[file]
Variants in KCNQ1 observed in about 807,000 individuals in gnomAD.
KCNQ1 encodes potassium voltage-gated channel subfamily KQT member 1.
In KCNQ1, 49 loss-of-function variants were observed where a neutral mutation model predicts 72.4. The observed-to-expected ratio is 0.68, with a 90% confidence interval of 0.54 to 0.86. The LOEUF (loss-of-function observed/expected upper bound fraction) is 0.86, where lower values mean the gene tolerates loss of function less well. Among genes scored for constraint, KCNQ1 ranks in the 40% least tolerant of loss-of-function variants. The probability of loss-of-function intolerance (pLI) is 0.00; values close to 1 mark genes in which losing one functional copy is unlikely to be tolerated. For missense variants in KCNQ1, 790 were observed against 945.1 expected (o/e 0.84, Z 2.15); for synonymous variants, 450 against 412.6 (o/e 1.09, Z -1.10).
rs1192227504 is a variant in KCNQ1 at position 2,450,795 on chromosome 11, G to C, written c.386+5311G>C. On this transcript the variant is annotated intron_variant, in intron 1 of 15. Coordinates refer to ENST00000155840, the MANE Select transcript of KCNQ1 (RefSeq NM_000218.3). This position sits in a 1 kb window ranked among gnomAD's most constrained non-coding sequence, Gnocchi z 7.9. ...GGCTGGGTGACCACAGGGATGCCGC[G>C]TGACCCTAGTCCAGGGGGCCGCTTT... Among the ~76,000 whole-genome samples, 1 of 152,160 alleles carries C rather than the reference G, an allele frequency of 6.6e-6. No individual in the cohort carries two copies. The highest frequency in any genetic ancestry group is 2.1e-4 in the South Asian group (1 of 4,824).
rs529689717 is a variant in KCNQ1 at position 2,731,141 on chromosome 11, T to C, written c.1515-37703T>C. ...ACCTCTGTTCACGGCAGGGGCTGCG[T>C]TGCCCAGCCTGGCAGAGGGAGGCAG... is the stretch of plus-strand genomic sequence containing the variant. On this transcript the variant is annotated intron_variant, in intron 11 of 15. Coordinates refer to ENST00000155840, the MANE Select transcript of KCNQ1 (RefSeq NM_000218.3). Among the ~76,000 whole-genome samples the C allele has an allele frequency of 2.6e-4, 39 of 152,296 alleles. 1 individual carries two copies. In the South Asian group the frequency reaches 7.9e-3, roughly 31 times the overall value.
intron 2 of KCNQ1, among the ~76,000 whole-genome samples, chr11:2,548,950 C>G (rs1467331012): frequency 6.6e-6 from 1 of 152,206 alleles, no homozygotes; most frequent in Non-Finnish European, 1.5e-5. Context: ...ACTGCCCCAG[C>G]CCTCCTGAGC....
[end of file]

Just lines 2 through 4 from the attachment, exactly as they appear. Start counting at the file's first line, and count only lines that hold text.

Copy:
KCNQ1 encodes potassium voltage-gated channel subfamily KQT member 1.
In KCNQ1, 49 loss-of-function variants were observed where a neutral mutation model predicts 72.4. The observed-to-expected ratio is 0.68, with a 90% confidence interval of 0.54 to 0.86. The LOEUF (loss-of-function observed/expected upper bound fraction) is 0.86, where lower values mean the gene tolerates loss of function less well. Among genes scored for constraint, KCNQ1 ranks in the 40% least tolerant of loss-of-function variants. The probability of loss-of-function intolerance (pLI) is 0.00; values close to 1 mark genes in which losing one functional copy is unlikely to be tolerated. For missense variants in KCNQ1, 790 were observed against 945.1 expected (o/e 0.84, Z 2.15); for synonymous variants, 450 against 412.6 (o/e 1.09, Z -1.10).
rs1192227504 is a variant in KCNQ1 at position 2,450,795 on chromosome 11, G to C, written c.386+5311G>C. On this transcript the variant is annotated intron_variant, in intron 1 of 15. Coordinates refer to ENST00000155840, the MANE Select transcript of KCNQ1 (RefSeq NM_000218.3). This position sits in a 1 kb window ranked among gnomAD's most constrained non-coding sequence, Gnocchi z 7.9. ...GGCTGGGTGACCACAGGGATGCCGC[G>C]TGACCCTAGTCCAGGGGGCCGCTTT... Among the ~76,000 whole-genome samples, 1 of 152,160 alleles carries C rather than the reference G, an allele frequency of 6.6e-6. No individual in the cohort carries two copies. The highest frequency in any genetic ancestry group is 2.1e-4 in the South Asian group (1 of 4,824).